There is no season of the year that is more divisive than Lent, the 40-day season of preparation and fasting before Easter. There was a time where the word could not be uttered in Protestant Evangelical churches, and many churches remain closed to the topic. This is unfortunate!

Lent was not an invention of the Roman Catholic church designed to help people trim their wastlines by avoiding Coke and chocolate while eating fish. Lent is much more important, much more difficult when practiced correctly, and much older. We are all responsible for Lent, and there was a time when the entire Church saw the the benefit of a season of preparation.

To understand Lent, we must understand the discipleship practices of the Early Church.

To become a part of the Early Church, confession or conversion alone was not enough. How could one truly confess or convert to something which they did not understand? Since every convert came out of a thoroughly pagan background—meaning they had no concept of Christ or faith— the Early Church had to find a way to build believers. Their solution was an intense system of training akin to catechism.

This multi-month (and eventually multi-year) training ended with the baptism of the convert, their first communion, and full acceptance into the church community. Each time a baptism and first communion occurred, it was cause for an incredible celebration. It didn’t take long for the church realize that Easter was the best opportunity to celebrate a new Christian’s transition from death to life.

The Early Church baptized new Christians at sunrise on Easter Sunday. Click To Tweet

The baptism was a capstone to 40 days of intense fasting and preparation by the candidates for baptism, mirroring Christ’s own 40 days of fasting and preparation before his ministry began. For the convert, this season was intended to allow time for reflection and repentance before their own ministry would begin post-baptism.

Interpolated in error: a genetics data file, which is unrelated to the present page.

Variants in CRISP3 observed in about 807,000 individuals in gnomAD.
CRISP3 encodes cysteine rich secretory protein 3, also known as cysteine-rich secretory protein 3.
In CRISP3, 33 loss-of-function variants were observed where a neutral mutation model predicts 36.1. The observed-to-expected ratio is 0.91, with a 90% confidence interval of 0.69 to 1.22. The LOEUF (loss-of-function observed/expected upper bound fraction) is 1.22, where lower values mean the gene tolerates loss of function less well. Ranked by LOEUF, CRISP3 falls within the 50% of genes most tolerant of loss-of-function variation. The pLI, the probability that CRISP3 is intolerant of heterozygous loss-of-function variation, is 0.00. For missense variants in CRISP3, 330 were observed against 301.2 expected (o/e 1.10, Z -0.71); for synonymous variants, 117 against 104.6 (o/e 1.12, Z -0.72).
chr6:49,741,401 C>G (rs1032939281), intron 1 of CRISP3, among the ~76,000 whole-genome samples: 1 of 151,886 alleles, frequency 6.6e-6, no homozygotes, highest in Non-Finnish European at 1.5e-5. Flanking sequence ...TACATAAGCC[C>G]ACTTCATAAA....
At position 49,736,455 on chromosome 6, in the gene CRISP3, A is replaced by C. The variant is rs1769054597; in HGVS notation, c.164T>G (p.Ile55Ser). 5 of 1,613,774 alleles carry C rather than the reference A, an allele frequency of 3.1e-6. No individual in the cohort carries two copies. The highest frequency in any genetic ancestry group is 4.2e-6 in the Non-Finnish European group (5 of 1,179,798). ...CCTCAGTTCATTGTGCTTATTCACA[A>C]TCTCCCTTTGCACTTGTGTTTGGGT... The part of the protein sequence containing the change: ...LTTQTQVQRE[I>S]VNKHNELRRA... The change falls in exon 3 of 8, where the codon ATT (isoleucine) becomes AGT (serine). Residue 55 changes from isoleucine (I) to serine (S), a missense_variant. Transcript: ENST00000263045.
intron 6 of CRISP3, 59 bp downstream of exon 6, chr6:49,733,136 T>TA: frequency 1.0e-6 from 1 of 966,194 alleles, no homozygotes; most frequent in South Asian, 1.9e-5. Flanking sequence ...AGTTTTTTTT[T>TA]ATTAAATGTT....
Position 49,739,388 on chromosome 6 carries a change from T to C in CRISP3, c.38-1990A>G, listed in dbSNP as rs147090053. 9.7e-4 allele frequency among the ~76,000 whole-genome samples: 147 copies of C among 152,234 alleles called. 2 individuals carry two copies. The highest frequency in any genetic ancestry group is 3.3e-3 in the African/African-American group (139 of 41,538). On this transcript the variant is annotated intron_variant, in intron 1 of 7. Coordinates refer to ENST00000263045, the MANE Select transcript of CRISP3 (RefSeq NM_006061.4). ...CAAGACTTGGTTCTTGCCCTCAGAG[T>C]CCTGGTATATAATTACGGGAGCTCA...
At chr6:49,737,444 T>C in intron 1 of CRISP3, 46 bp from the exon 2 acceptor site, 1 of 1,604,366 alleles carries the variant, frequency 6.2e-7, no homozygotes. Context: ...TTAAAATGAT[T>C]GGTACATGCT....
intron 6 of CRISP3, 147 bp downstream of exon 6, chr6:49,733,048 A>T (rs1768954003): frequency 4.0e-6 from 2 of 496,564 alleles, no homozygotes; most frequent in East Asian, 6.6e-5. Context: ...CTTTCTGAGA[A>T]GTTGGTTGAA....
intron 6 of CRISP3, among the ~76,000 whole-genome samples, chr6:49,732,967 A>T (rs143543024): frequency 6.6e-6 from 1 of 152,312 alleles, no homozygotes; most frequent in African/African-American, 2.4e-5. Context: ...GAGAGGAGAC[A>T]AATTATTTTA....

So effective was the yearly ritual that the entire church began joining the candidates for the 40 days of reflection, repentance, and preparation. It became an opportunity to center oneself before Easter and an annual reminder of their own baptism.

It was powerful, and the fact that the practice of Lent remains after nearly two millennia is a testament to its power and ongoing usefulness.

The major problem with Lent as a modern practice is that it has all but lost its spiritual underpinnings. It has become fasting without focus. The Early Church didn’t simply set something aside (like chocolate) for Lent, they took something on (like daily repentance and prayer) during the 40 days.

Lent has a lot of life left in it, if we will let it return to its roots.

We cannot just take something off for Lent, we must put something on… something like deep repentance, increased prayer, intense reflection, or another spiritual practice.

The point of Lent is to prepare. How will you? Click To Tweet

 

PRACTICE:  Lent is less than 3 weeks away, jot down a quick list of things you might put off and take on for 40 days.

 

 

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Kevin holds a Doctor of Ministry in Semiotics and Future Studies from Portland Seminary, where his work on Early Church spiritual formation passed with the rare honor of exemplary distinction. He is also a graduate of Cedarville University and Dallas Theological Seminary, holding degrees in Biblical Studies, Visual Communications, and Church Educational Leadership. Kevin has served on ministry staffs in some of the largest churches across the United States and is currently the Senior Minister of JupiterFIRST Church in Jupiter, Florida. His most important role, though, is husband to Sally and dad to four of Generation Z’s youngest members: Libbie, Lucy, Harris, and Matthew.